Spring jazz concert brings swingin’ sounds to peninsula

Caribbean dreams

Posted: Thursday, May 11, 2006

Judging by types the concerts typically pitched by the Performing Arts Society, one may imagine the group as one populated by classical music fans who promote classical music shows for other classical music fans.

Well, it is and they do. But that isn’t all they do.

This year will see the group’s fourth foray in jazz with a season-closing cabaret-style show, featuring the sounds of the Anchorage-based John Damberg Latin Jazz Quintet.

“Our group does try to bring a variety of music to the peninsula,” said Dick Troeger, the show’s co-producer. “It’s mostly classical, but we try to mix it up with a little jazz in the spring.”

The jazz-and-dance mixer complete with hors d’oeuvres and a no-host beer and wine bar is a good way to loosen up and prepare for green-up, he said.

“It’s kind of a night club setting, very informal,” Troeger said. “You can dance if you want, or just sit back and listen.”

He also pointed out that the cabaret concert has grown in popularity over its three-year history.

Concertgoers who attended the first three shows are in for an entirely different sort of swing, however. The first three shows had the Melissa Jazzmom Fischer Quartet, a group fronted by Anchorage vocalist/pianist Melissa Bledsoe-Fisher playing jazz standards with a contemporary feel.

This year, calypso will be the order of the evening.

Damberg, a University of Alaska Anchorage percussion instructor, composer and longtime performer, brings the sounds of salsa, the steel drums of the Caribbean and the Latin swing of South and Central America to bear with his group. The Quintet also features UAA flute instructor Laura Koenig, guitarist Mark Manners, bassist Dirk Westfall and drummer Cameron Cartland.

Damberg’s flair for Latin rhythms has a long history. Since 1985, Damberg has been from Miami and Los Angeles to as far south as Caracas, Venezuela, on cruise ships as a performer or tour director.

His time on the ships not only helped hone his improvisational talents on the vibes, steel drums and marimba, but it also gave him the chance to visit the regions from which the intoxicating, danceable rhythms came. At every stop, there was music to be heard, he said.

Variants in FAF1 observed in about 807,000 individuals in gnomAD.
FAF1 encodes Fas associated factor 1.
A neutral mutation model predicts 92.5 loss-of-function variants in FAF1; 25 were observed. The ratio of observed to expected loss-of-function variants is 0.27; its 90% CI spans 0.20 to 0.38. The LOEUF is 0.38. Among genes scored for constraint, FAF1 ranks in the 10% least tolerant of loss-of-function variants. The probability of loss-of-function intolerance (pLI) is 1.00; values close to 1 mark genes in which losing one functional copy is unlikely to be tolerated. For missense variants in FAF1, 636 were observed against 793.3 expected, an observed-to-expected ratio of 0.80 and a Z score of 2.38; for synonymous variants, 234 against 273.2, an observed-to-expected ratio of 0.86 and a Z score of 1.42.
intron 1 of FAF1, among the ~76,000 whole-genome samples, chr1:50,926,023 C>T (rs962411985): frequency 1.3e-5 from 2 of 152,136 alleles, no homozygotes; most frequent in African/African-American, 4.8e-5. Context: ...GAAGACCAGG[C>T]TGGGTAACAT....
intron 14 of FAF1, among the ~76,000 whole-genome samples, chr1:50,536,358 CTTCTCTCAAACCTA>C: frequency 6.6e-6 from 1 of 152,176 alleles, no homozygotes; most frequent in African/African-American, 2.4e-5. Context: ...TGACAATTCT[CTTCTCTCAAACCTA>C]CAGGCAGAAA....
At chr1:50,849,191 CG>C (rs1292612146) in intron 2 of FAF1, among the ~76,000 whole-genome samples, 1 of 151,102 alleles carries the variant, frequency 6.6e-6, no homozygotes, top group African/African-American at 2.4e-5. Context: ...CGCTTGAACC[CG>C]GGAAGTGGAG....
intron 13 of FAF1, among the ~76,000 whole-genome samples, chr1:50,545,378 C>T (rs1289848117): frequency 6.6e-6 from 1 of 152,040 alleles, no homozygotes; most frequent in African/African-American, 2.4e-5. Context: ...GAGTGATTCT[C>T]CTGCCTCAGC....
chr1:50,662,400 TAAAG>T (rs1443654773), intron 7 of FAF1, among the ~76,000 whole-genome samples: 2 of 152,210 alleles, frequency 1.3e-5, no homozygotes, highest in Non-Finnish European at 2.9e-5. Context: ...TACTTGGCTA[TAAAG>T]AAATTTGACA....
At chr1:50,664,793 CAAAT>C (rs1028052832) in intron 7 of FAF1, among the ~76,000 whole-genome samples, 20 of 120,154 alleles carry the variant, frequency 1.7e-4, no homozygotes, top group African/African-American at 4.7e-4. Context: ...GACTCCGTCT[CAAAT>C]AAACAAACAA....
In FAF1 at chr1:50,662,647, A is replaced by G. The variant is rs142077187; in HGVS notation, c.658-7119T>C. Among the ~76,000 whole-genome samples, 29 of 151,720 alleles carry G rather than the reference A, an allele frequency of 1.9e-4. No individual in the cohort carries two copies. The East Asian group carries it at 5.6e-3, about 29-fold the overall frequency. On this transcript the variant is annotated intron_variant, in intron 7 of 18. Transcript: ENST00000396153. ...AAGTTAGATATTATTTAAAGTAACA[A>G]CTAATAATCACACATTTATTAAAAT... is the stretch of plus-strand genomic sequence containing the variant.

“Wherever I go, I’m always into the music thing,” he said, pointing to exposure to Caribbean sounds from his parents as a cause for the fascination fueling his musical career.

“I’ve always been a rhythm buff, so when you think about it, that kind of music, the rhythm is the foundation of everything else that goes on with the music.”

Which is not to say that the Quintet sticks to Latin jazz standards — during performances or in the studio. A collection of

Damberg’s songs called “Angie’s Samba,” was released in 1998 and last August, the quintet released “JoMaLa Jazz ‘Azure,’” a CD with original songs from both Damberg and Manners.

The new disc, he said, showcases the work of the group’s three long-term members, Damberg, Manners and Koenig, who now have 10 years of performing together from which to draw on. Manners and Damberg wrote the songs and Koenig’s improvisational skills added depth to the compositions.

“(JoMaLa”) sort of ranges from calypso to funk to a couple of jazz waltzes, there are some straight-ahead swing things, there’s three or four funk tunes, a hip-hop tune ... it’s really a collaboration.”

The show should play out with about three-quarters original songs and one-quarter cover tunes, but it won’t be predictable.

“As far as the repertoire, nobody else does what we do,” Damberg said. “So many groups that do jazz, they just do the standards, which is OK, but you just end up doing the same thing all the time.”

Another reason the salsa is fresh for the Quintet is the variety of musical life lessons brought to the group and the music they make by the group members. California-born Koenig comes with experience performing in Australia and England. Manners is a veteran performer on the country and rock circuit with a lifelong interest in jazz and jazz performance and a large stable of guitar students to keep him on his toes. Westfall is a jazz pro who put in time with the U.S. Air Force Academy’s Falconaires Jazz Ensemble, and Cartland is a former student of Damberg’s hand-picked for the group.

The members have something in common, Damberg said, that helps each contribute: they’ve all jumped through what Damberg calls “the four stages of musical development.” The first stage is learning how to play the instrument; the second is finding heroes to emulate; and the third is about putting in performance time. The last stage opens the doors to true artistic expression, he said.

“The fourth stage is taking all this knowledge you’ve garnered and using your own sense of creativity to make music of your own,” he said.

The John Damberg Latin Jazz Quintet performs at 7:30 p.m. Friday at the Kenai Merit Inn. Tickets are $35 and available at River City Books, Sweeney’s Clothing and Northcountry Fair in Soldotna and Already Read Books, Charlotte’s Restaurant and the Kenai Merit Inn in Kenai.

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